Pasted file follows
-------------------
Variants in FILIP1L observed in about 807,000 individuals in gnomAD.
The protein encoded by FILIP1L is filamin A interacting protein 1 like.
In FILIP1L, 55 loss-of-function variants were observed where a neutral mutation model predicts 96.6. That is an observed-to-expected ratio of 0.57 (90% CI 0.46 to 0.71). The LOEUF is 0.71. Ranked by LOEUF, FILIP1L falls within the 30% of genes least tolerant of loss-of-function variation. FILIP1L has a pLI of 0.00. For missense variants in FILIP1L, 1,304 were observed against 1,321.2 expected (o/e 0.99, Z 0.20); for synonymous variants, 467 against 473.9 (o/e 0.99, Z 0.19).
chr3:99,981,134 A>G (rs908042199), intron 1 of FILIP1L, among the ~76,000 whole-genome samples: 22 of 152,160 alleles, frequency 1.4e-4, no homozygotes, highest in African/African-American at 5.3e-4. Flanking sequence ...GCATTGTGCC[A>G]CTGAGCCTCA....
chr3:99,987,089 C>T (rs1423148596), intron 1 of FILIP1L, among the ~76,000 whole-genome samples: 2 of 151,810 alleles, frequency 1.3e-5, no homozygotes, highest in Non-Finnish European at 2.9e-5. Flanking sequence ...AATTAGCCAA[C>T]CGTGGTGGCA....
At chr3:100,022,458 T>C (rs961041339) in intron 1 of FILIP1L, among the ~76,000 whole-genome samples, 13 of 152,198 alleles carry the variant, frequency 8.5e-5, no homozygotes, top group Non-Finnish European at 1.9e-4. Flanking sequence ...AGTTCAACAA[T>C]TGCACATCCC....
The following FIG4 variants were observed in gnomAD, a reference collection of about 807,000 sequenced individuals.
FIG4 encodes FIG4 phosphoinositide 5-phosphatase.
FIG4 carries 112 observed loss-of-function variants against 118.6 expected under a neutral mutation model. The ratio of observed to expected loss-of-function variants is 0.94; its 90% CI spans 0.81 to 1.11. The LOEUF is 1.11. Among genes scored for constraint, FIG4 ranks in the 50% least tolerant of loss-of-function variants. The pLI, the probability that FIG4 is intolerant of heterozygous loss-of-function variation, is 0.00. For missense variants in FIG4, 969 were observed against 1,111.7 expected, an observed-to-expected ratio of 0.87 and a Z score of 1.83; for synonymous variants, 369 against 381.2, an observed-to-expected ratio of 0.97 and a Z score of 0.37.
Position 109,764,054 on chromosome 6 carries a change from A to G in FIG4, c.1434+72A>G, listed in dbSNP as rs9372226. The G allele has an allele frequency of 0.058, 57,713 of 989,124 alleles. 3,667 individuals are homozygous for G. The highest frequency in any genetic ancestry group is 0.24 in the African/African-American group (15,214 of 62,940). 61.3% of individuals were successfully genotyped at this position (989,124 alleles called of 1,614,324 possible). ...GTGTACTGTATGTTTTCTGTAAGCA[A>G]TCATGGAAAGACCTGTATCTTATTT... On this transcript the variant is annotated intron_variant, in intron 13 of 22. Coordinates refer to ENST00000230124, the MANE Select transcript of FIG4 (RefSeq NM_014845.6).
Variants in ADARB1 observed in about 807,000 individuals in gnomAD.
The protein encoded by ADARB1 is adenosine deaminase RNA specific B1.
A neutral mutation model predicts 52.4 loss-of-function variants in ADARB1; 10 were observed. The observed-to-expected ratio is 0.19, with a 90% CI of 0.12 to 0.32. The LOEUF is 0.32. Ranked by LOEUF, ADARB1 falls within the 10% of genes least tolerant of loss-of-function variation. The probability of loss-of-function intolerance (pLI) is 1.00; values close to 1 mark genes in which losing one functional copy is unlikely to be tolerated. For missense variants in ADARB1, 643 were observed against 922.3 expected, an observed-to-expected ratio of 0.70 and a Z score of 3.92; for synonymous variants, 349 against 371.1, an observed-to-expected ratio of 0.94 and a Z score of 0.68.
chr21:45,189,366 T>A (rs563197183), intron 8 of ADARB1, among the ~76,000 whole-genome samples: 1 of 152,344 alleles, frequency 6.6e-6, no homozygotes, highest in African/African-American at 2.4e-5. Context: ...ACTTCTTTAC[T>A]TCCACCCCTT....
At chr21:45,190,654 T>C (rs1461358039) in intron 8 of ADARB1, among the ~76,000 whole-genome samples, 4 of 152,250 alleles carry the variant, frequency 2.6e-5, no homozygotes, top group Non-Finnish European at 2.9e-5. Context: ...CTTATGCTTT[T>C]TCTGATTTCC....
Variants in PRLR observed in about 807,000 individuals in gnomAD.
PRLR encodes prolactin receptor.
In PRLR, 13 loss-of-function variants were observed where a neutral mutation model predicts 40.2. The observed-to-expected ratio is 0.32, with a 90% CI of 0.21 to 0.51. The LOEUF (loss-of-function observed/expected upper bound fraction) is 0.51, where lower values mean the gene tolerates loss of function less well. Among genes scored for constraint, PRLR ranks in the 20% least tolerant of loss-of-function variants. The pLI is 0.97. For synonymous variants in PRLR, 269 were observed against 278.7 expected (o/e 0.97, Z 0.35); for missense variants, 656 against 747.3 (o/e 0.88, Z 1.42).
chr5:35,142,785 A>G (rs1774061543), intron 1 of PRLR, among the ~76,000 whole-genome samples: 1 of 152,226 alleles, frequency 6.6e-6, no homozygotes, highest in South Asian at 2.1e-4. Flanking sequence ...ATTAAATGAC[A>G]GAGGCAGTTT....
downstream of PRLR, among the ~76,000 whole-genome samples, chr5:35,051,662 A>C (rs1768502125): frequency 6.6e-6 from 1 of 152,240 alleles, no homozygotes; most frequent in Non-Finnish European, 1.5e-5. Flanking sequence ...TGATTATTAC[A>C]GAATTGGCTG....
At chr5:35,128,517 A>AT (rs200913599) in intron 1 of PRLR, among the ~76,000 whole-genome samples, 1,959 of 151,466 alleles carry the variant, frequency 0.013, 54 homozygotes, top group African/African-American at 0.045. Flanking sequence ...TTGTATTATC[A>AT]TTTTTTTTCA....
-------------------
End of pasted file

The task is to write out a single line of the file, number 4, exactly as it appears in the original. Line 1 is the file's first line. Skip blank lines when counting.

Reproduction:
chr3:99,981,134 A>G (rs908042199), intron 1 of FILIP1L, among the ~76,000 whole-genome samples: 22 of 152,160 alleles, frequency 1.4e-4, no homozygotes, highest in African/African-American at 5.3e-4. Flanking sequence ...GCATTGTGCC[A>G]CTGAGCCTCA....